A new Amnesty International report sheds light on the abuses and murder of West Papuans by the Indonesian police and military. The report documented 69 cases of extrajudicial killing between 2010 and 2018, in which 95 people were murdered.
The cases in the Amnesty report range from military personnel disrupting social events and killing attendees to the targeting of striking workers and pro-independence activists.
The majority of murders have not been investigated, the culprits either getting away with a slap on the wrist or avoiding punishment altogether. In 82 percent of cases documented in the report, no-one has been held accountable.
West Papuans have struggled for self-determination for more than 50 years. They have faced extraordinary violence from the Indonesian state, which suppresses West Papuan national and cultural rights to entrench and maintain Indonesian nationalism.
Sydney University researchers John Wing and Peter King estimate that at least 100,000 have been killed in the last half century.
The 2015 Indonesian Defence White Paper claimed that “separatism both advocated through armed or political movement” is one of main threats to the country’s sovereignty. So displays of national symbols, including the Morning Star flag, are illegal. Many killings that take place in West Papua result from police and the army firing directly at people participating in flag raising ceremonies or prayer ceremonies.
West Papua is rich in minerals and other natural resources such as timber and natural gas. The Indonesian state ensures that maximum profits flow out of West Papua into the pockets of the few at the top.
In no case is this clearer than with the murder of Petrus Ayamiseba and Leo Wandagau in 2011, documented in the Amnesty report. Ayamiseba and Wandagau were employed by the biggest copper and gold mining company in the country. They were shot and killed by Indonesian police during a protest of hundreds of striking workers demanding better wages.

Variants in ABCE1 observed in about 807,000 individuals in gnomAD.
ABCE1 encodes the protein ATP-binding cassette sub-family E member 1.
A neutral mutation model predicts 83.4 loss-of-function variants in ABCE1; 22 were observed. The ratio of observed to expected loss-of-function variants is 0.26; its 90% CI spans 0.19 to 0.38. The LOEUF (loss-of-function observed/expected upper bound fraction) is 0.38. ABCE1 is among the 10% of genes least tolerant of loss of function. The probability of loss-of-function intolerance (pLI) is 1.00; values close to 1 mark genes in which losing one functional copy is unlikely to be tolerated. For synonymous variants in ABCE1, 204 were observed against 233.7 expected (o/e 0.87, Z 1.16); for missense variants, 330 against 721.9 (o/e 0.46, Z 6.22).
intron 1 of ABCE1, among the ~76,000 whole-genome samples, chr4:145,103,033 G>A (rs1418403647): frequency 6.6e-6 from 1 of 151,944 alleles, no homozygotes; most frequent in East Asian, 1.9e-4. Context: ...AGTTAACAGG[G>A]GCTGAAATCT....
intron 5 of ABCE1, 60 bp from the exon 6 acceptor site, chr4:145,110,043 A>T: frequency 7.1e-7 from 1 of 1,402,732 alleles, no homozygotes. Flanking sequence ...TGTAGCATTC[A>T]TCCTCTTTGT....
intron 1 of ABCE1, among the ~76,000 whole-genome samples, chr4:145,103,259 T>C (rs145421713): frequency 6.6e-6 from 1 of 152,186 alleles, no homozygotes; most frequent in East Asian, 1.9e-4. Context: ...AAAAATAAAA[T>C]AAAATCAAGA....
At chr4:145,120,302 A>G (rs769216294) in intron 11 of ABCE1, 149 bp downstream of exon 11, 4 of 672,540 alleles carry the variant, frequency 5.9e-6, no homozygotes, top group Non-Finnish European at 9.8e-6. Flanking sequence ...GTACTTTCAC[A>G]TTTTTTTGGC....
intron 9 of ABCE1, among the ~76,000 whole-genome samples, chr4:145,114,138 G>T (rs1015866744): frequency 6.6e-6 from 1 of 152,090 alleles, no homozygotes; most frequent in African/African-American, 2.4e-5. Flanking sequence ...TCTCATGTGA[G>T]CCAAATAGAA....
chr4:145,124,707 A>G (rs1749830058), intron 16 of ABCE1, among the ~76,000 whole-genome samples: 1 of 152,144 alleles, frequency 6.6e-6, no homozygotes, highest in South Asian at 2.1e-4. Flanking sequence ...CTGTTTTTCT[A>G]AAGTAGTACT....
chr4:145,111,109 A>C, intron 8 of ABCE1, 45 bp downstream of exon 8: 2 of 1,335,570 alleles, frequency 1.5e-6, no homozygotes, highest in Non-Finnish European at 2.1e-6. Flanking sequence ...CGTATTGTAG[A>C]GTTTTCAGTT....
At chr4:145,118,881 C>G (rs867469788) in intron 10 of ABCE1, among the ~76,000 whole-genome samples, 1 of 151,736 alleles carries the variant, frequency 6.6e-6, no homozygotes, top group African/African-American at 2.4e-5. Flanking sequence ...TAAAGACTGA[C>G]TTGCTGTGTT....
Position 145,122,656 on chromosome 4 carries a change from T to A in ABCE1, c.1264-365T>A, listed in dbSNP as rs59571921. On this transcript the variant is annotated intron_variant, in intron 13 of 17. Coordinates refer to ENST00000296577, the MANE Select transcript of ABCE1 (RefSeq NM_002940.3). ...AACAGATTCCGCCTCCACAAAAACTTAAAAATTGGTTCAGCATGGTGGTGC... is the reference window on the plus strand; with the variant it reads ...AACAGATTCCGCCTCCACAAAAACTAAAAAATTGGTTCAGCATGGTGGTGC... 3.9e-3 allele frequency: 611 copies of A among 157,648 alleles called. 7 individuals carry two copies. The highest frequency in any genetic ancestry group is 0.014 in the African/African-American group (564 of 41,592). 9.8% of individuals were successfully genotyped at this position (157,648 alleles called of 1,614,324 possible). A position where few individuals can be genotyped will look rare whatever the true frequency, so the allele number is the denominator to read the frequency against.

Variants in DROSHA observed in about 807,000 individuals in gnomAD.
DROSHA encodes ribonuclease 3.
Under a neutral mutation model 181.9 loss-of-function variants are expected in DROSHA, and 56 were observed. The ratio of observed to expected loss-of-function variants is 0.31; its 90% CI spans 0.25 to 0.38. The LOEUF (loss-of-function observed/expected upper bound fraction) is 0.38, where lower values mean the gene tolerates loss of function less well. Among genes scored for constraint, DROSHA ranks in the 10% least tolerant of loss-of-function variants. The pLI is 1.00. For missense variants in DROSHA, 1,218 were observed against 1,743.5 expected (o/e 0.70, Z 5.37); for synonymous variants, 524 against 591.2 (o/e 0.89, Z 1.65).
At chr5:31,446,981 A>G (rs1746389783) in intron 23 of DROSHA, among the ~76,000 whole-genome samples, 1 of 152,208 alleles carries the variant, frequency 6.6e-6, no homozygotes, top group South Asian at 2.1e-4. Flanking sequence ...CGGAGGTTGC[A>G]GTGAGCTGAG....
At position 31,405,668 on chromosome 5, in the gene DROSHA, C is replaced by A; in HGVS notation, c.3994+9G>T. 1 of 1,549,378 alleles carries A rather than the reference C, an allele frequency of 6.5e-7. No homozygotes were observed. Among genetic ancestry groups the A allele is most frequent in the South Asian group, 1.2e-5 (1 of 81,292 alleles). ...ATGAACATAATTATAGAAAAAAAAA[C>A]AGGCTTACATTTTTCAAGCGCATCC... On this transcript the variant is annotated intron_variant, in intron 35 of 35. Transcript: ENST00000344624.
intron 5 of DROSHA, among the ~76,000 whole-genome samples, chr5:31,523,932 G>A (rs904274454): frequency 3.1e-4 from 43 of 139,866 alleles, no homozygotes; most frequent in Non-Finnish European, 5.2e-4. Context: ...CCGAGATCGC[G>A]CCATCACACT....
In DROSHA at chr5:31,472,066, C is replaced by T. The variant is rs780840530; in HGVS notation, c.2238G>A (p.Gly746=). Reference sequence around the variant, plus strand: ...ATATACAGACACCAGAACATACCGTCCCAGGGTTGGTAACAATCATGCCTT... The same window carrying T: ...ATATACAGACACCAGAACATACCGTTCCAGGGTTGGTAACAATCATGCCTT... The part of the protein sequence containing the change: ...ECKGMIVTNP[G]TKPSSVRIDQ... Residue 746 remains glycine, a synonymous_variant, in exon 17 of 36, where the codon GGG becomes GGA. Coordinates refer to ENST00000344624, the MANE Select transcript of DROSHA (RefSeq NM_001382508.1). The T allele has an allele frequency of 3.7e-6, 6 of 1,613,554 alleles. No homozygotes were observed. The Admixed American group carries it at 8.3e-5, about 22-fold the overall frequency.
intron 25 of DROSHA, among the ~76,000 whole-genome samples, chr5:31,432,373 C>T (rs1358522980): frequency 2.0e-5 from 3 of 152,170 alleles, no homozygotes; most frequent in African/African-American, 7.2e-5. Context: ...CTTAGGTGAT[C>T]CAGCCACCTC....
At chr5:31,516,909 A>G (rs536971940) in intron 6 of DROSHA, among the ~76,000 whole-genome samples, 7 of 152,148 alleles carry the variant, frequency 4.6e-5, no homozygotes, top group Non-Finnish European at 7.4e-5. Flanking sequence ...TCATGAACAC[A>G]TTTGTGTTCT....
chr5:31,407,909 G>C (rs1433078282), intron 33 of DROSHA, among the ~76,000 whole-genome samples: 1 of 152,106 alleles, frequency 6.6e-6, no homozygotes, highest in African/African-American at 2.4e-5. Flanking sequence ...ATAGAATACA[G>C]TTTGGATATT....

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What would you do with $1.5 million? You could put down deposits on ten median-priced Sydney houses, or you could buy one outright and spare yourself the crushing mortgage repayments.
The level of suffering in Gaza is more than the human mind can comprehend. As the war enters its twentieth week, it feels increasingly obscene to be going about daily life while an entire people are being systematically destroyed, their lives, histories and culture blown to pieces or buried under rubble.
The Banyule Palestine Action Group has collected more than 600 signatures on a petition calling on Banyule City Council, in Melbourne’s north-east, to pass a motion supporting an immediate ceasefire in Gaza, in line with motions passed in other councils across Australia.
Asked how she stays hopeful as a 63-year-old socialist and Palestinian living in the diaspora, Reem Yunis replies: “I don’t have the luxury not to be inspired. My grandparents died without seeing a liberated Palestine, my parents died and were buried in the diaspora. Most of my people are living in the diaspora, and the ones in Palestine are being robbed of water, resources and every bit of land they have. We need to have hope and fight, because if we won’t fight for a free Palestine, who will?”
Human Rights Watch, an international investigative and reporting organisation, says that it has “significant human rights concerns” about Australia’s treatment of refugees and Aboriginal people.